Britain goes to the polls: MPs approve general election for 50 days time
The UK is to have a general election, following a vote by MPs.
MPs voted 522 to 13 in favour of triggering the election, meaning Theresa May now has the power to go ahead with the vote on June 8.
Due to the Fixed-term Parliaments Act 2011, which is intended to stop elections less than five years apart, MPs either had to vote for a no confidence motion in the government or – as happened today – vote by a majority of two thirds in order for parliament to be dissolved and an election called.
Opposition leader Jeremy Corbyn backed Theresa May’s calls for a snap general election yesterday, following her surprise announcement on Downing Street.
The Labour party currently has 229 Members of Parliament, compared to the Conservative Party’s 330.
Candidates will fight elections in 650 seats across the country, and either Theresa May or Jeremy Corbyn is expected to be Prime Minister after the election.
The incumbent Prime Minister had said she did not intend to hold an election before 2020, but now says Westminster has failed to be “united”.
Mrs May answered critics, saying she had come to the conclusion “recently and reluctantly”.
She claimed other parties had tried to stop her “getting the job done” and that she wanted a larger governing majority to “remove the risk of uncertainty and instability”.
Responding to the Prime Minister’s Downing Street speech, Labour leader Corbyn said: “I welcome the Prime Minister’s decision to give the British people the chance to vote for a government that will put the interests of the majority first.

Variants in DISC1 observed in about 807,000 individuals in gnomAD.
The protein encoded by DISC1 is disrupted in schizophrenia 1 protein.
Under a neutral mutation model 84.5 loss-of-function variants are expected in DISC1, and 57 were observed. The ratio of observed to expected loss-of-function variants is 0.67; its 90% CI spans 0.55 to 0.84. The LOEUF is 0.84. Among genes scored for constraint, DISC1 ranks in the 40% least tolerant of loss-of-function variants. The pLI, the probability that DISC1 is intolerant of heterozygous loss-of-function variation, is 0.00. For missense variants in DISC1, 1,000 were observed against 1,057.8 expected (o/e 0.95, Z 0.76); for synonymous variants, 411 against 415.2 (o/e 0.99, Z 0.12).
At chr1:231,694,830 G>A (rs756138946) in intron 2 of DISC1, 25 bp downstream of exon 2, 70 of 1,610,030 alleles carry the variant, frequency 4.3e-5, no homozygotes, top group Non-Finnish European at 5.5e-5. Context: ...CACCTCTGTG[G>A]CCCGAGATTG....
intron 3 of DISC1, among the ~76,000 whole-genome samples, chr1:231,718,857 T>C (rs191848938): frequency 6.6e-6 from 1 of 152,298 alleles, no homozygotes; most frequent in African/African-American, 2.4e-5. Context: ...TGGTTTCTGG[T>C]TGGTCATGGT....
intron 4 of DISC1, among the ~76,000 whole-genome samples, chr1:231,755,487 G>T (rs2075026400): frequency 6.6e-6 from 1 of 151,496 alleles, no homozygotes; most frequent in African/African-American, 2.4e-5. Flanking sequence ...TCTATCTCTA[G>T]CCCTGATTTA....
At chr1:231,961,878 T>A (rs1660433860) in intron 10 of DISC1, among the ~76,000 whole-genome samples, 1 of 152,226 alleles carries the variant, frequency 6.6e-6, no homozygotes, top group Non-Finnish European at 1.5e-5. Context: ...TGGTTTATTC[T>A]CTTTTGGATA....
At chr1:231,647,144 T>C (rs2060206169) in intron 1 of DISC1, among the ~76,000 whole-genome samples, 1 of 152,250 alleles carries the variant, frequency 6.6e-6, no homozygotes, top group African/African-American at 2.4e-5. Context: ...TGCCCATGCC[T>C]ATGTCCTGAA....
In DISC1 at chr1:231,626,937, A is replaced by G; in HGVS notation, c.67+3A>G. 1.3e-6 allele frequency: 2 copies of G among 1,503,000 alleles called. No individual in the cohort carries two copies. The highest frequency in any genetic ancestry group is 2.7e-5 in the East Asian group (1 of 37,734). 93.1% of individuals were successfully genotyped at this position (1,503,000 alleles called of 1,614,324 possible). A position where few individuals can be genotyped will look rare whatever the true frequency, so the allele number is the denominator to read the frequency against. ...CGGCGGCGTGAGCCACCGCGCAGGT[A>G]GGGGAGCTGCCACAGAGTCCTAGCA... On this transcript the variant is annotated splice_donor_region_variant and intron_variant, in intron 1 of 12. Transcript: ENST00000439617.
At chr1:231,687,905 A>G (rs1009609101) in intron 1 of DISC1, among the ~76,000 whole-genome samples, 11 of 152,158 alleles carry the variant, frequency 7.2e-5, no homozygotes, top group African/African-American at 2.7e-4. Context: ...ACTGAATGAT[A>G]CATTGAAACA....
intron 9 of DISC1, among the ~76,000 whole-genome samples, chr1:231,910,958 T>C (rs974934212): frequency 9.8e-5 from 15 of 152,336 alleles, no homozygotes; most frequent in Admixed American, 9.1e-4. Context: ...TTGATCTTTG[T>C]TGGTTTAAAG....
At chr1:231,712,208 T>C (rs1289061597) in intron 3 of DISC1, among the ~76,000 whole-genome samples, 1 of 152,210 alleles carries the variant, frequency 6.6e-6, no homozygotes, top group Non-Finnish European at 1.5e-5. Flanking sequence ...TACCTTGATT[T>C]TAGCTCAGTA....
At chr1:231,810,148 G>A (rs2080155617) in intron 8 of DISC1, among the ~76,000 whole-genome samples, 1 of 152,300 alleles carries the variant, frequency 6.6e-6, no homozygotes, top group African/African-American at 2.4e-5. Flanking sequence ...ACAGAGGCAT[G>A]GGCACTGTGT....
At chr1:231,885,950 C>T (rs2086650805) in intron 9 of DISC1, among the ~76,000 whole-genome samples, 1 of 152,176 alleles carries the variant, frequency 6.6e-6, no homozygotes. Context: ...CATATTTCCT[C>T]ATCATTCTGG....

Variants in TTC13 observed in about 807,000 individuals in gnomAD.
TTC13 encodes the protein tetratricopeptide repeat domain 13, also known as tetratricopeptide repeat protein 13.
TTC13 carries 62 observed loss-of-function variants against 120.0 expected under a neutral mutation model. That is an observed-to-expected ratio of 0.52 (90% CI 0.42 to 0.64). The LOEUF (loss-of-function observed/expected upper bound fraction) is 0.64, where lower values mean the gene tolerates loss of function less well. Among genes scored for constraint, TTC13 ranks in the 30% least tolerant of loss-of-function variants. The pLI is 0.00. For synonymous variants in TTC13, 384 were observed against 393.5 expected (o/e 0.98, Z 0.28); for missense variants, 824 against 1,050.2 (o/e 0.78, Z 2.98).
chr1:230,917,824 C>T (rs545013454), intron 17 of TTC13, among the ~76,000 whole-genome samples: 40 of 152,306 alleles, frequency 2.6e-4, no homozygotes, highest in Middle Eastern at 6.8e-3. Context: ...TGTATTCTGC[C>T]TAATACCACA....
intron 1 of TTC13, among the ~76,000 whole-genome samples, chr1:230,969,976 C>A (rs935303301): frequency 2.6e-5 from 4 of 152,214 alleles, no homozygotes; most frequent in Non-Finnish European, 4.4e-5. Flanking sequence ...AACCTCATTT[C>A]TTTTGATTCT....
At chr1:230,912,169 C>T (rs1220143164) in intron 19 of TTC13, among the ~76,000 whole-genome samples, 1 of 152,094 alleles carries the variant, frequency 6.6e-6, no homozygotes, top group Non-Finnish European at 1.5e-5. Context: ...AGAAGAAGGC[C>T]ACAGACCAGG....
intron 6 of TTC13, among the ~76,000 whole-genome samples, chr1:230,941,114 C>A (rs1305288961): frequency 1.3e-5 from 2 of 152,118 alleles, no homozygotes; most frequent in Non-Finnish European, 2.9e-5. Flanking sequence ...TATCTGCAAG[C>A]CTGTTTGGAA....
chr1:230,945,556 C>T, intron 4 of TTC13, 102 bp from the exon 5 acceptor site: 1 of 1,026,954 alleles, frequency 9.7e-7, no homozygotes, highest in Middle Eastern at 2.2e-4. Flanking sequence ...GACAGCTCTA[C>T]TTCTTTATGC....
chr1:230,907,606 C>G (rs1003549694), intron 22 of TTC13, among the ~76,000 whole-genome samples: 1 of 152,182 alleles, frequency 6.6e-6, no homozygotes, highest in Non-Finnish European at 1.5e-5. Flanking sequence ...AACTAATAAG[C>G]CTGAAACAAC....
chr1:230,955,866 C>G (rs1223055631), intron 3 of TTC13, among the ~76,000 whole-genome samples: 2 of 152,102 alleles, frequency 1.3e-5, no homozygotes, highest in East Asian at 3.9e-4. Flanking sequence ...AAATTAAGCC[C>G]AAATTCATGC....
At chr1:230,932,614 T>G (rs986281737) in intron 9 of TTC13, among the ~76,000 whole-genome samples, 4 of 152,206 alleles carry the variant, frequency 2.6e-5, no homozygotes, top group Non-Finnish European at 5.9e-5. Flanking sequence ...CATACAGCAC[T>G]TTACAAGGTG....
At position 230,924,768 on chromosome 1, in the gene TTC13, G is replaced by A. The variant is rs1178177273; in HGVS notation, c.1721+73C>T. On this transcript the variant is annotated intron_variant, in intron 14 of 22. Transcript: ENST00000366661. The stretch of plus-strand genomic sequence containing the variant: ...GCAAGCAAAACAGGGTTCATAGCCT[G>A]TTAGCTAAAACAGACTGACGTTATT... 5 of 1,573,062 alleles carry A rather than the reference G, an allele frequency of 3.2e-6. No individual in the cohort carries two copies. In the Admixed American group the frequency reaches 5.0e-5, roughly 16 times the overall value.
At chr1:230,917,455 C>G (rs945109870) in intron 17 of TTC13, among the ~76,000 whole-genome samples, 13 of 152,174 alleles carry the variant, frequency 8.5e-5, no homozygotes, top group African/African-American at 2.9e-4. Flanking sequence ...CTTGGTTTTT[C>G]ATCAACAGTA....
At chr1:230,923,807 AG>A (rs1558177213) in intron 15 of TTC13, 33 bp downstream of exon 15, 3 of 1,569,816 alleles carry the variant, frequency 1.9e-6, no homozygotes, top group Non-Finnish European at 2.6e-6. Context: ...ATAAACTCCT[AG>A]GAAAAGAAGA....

“Labour will be offering the country an effective alternative to a government that has failed to rebuild the economy, delivered falling living standards and damaging cuts to our schools and NHS.
“In the last couple of weeks, Labour has set out policies that offer a clear and credible choice for the country. We look forward to showing how Labour will stand up for the people of Britain.”
Liberal Democrat leader Tim Farron has said he will back the motion for an election, saying in a statement: “If you want to avoid a disastrous Hard Brexit.
“If you want to keep Britain in the Single Market. If you want a Britain that is open, tolerant and united, this is your chance.
“Only the Liberal Democrats can prevent a Conservative majority.”
The election has already caused controversy, with the Liberal Democrat leader Tim Farron refusing to say whether he believes gay sex is sinful.
In an interview with Channel 4’s Cathy Newman today, Mr Farron was pushed on the issue again.
She challenged him: “A while back I asked you whether it was true that you believed homosexuality was a sin, and you struggled to answer. Now you’ve had a while to consider that question, what is the answer?”
The Lib Dem leader insisted: “I don’t think I struggled to answer, I talked about how I’m not in a position to be making theological pronouncements. I can promise you one thing, over the next six weeks I’m not going to spend my time talking theology or making pronouncements.
“As a liberal, I’m passionate about equality – about equal marriage, about equal rights for LGBT people, fighting not just for LGBT rights in this country but overseas.”